Portland is the Playground of Japanese Architect Kengo Kuma

Reason no. 9 to love Portland right now.

(Sam Gehrke)

In October, a new vision of downtown's sleepy RiverPlace neighborhood began drifting through City Hall. The renderings showed eight pagoda-slatted towers rising as high as 400 feet above the waterfront, bristling above cascades of trees. The naturalistic spires seemed to come straight out of both Blade Runner and Avatar, an architectural boldness foreign to our city.

The plan's architect, Kengo Kuma, is one of the most celebrated architects in Japan, the author of 2020's Tokyo Olympic Stadium—an exposed, wood-latticed bird's nest that somehow manages to appear both futuristic and serene, a booming whisper announcing Japan's national identity to the world.

But until last year, he hadn't put up a single project in the United States.

In April 2017, Kuma completed a majestic expansion of Portland's already world-renowned Japanese Garden: a green-roofed "cultural village" at once Escherian in its geometry and gentle in its harmonies, with light shimmering through wooden slats that hang like willow branches from the ceiling.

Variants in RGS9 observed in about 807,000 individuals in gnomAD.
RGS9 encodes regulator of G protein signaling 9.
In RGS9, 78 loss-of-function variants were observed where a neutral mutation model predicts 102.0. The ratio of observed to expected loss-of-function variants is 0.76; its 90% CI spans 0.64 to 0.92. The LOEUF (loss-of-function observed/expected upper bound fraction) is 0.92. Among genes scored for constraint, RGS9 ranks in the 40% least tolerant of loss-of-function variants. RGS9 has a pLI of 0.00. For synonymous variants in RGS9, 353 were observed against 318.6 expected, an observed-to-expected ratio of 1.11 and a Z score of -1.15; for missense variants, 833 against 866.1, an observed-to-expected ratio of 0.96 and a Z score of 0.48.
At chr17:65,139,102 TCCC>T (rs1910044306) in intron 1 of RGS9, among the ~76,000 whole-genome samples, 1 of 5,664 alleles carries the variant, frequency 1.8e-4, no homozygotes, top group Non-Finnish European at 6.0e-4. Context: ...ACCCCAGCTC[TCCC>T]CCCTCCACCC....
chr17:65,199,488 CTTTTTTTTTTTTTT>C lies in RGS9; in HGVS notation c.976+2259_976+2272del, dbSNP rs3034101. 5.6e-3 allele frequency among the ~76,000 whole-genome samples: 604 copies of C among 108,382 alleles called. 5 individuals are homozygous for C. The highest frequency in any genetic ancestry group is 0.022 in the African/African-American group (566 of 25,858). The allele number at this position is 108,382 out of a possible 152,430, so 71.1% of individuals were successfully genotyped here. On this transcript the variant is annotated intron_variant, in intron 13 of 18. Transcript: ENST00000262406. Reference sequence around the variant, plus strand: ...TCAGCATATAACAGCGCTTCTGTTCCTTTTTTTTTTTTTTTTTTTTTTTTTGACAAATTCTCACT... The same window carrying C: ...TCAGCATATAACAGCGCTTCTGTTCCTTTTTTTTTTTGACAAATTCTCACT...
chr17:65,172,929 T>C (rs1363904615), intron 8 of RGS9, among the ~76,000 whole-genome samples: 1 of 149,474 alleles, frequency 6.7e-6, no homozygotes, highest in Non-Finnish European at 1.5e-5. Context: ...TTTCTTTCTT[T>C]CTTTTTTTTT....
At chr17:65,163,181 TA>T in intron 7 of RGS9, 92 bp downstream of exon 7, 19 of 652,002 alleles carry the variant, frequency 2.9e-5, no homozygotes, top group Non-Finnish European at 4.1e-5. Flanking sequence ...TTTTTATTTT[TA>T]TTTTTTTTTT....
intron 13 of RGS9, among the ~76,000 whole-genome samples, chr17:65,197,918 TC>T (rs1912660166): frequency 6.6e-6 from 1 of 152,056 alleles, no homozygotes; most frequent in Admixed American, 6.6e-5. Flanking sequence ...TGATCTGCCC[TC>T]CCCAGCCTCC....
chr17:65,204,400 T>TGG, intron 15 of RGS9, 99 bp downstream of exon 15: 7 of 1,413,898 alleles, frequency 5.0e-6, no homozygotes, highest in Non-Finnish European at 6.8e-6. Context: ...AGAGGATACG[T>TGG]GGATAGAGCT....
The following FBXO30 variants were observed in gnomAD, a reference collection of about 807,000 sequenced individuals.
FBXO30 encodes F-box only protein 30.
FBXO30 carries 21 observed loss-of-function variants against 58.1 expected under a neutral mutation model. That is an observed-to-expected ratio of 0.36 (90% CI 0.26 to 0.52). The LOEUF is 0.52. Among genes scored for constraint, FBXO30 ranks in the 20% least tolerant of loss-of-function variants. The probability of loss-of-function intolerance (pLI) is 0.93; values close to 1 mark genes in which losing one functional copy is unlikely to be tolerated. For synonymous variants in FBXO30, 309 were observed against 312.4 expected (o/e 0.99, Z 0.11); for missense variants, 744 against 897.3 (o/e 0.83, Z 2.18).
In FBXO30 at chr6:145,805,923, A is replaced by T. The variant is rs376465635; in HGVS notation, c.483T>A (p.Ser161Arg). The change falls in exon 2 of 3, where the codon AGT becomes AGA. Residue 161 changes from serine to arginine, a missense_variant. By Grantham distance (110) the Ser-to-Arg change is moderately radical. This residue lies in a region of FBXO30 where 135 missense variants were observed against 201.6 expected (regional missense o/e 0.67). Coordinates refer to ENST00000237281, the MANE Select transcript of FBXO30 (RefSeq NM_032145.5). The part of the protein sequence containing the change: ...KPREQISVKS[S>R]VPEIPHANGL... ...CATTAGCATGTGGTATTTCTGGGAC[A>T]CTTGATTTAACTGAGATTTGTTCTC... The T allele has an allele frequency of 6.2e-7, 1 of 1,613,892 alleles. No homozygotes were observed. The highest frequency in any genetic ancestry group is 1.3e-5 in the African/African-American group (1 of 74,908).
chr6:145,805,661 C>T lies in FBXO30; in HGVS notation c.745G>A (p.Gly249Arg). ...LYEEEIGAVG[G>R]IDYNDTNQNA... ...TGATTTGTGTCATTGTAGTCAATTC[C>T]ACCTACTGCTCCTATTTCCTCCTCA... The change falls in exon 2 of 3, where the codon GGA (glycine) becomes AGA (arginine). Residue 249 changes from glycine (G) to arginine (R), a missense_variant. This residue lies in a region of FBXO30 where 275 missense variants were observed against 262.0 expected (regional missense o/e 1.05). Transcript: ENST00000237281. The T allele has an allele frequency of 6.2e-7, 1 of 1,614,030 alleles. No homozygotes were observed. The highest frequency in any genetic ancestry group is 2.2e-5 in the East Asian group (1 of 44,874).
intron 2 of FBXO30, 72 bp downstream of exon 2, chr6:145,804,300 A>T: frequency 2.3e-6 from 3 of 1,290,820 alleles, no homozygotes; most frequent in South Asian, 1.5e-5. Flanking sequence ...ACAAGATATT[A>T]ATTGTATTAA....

Since beginning that project, he has made our city an architectural home away from home. Last May, he redesigned chef Naoko Tamura's elegant Shizuku restaurant on Southwest Jefferson Street as an ethereal world of sunlight and undulating bamboo screens. In the Southeast suburb of Happy Valley, the Street of Dreams now contains a house unlike any other near Portland: a light-bathed structure of gently sloping roofs within a moat of patio, bending like an elbow around rolling greenery designed by the Japanese Garden's landscaper. It will be the model for a series of homes just like it.

Building by building, Kuma is helping to reimagine what architecture can be in Portland, both in scale and in elegance. We can't wait.

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